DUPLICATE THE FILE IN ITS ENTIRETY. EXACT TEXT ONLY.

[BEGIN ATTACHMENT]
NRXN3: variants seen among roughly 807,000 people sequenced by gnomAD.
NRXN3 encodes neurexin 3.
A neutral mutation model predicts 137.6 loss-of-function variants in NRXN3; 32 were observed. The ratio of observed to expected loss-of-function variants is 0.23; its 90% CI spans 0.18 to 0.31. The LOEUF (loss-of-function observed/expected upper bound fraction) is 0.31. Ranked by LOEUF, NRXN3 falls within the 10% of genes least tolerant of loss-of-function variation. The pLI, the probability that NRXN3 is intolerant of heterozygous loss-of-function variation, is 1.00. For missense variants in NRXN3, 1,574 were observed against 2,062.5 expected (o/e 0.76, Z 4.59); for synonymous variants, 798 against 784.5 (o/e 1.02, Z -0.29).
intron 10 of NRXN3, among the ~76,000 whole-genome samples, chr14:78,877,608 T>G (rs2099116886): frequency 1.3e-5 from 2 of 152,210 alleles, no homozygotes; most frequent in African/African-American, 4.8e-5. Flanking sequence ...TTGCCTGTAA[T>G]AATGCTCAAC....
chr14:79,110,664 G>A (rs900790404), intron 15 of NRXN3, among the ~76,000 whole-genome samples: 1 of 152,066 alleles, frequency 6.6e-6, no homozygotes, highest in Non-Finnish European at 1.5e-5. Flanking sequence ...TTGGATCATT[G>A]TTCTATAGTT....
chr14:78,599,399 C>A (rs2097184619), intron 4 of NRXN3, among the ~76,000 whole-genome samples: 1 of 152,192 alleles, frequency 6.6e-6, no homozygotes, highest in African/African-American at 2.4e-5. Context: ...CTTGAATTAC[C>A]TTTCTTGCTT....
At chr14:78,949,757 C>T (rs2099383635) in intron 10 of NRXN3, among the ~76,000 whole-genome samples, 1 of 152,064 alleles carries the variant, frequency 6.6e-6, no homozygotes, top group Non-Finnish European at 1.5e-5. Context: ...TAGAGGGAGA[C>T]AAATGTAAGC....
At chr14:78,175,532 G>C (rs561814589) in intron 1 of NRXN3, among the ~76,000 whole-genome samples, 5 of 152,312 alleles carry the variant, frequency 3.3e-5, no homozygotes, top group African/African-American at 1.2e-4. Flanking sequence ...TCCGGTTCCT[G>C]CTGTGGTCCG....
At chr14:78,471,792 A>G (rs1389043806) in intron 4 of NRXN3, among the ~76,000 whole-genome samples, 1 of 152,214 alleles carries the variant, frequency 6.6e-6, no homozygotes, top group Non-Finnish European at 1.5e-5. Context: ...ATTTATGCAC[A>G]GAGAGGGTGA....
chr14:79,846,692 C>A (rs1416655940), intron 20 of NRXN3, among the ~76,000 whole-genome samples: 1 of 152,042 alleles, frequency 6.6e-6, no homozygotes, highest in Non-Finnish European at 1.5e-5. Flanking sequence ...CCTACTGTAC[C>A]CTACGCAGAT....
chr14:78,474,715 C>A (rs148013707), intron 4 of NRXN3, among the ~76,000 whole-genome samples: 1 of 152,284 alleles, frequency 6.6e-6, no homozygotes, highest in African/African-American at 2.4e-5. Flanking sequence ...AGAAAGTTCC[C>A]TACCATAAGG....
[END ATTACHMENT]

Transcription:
NRXN3: variants seen among roughly 807,000 people sequenced by gnomAD.
NRXN3 encodes neurexin 3.
A neutral mutation model predicts 137.6 loss-of-function variants in NRXN3; 32 were observed. The ratio of observed to expected loss-of-function variants is 0.23; its 90% CI spans 0.18 to 0.31. The LOEUF (loss-of-function observed/expected upper bound fraction) is 0.31. Ranked by LOEUF, NRXN3 falls within the 10% of genes least tolerant of loss-of-function variation. The pLI, the probability that NRXN3 is intolerant of heterozygous loss-of-function variation, is 1.00. For missense variants in NRXN3, 1,574 were observed against 2,062.5 expected (o/e 0.76, Z 4.59); for synonymous variants, 798 against 784.5 (o/e 1.02, Z -0.29).
intron 10 of NRXN3, among the ~76,000 whole-genome samples, chr14:78,877,608 T>G (rs2099116886): frequency 1.3e-5 from 2 of 152,210 alleles, no homozygotes; most frequent in African/African-American, 4.8e-5. Flanking sequence ...TTGCCTGTAA[T>G]AATGCTCAAC....
chr14:79,110,664 G>A (rs900790404), intron 15 of NRXN3, among the ~76,000 whole-genome samples: 1 of 152,066 alleles, frequency 6.6e-6, no homozygotes, highest in Non-Finnish European at 1.5e-5. Flanking sequence ...TTGGATCATT[G>A]TTCTATAGTT....
chr14:78,599,399 C>A (rs2097184619), intron 4 of NRXN3, among the ~76,000 whole-genome samples: 1 of 152,192 alleles, frequency 6.6e-6, no homozygotes, highest in African/African-American at 2.4e-5. Context: ...CTTGAATTAC[C>A]TTTCTTGCTT....
At chr14:78,949,757 C>T (rs2099383635) in intron 10 of NRXN3, among the ~76,000 whole-genome samples, 1 of 152,064 alleles carries the variant, frequency 6.6e-6, no homozygotes, top group Non-Finnish European at 1.5e-5. Context: ...TAGAGGGAGA[C>T]AAATGTAAGC....
At chr14:78,175,532 G>C (rs561814589) in intron 1 of NRXN3, among the ~76,000 whole-genome samples, 5 of 152,312 alleles carry the variant, frequency 3.3e-5, no homozygotes, top group African/African-American at 1.2e-4. Flanking sequence ...TCCGGTTCCT[G>C]CTGTGGTCCG....
At chr14:78,471,792 A>G (rs1389043806) in intron 4 of NRXN3, among the ~76,000 whole-genome samples, 1 of 152,214 alleles carries the variant, frequency 6.6e-6, no homozygotes, top group Non-Finnish European at 1.5e-5. Context: ...ATTTATGCAC[A>G]GAGAGGGTGA....
chr14:79,846,692 C>A (rs1416655940), intron 20 of NRXN3, among the ~76,000 whole-genome samples: 1 of 152,042 alleles, frequency 6.6e-6, no homozygotes, highest in Non-Finnish European at 1.5e-5. Flanking sequence ...CCTACTGTAC[C>A]CTACGCAGAT....
chr14:78,474,715 C>A (rs148013707), intron 4 of NRXN3, among the ~76,000 whole-genome samples: 1 of 152,284 alleles, frequency 6.6e-6, no homozygotes, highest in African/African-American at 2.4e-5. Flanking sequence ...AGAAAGTTCC[C>A]TACCATAAGG....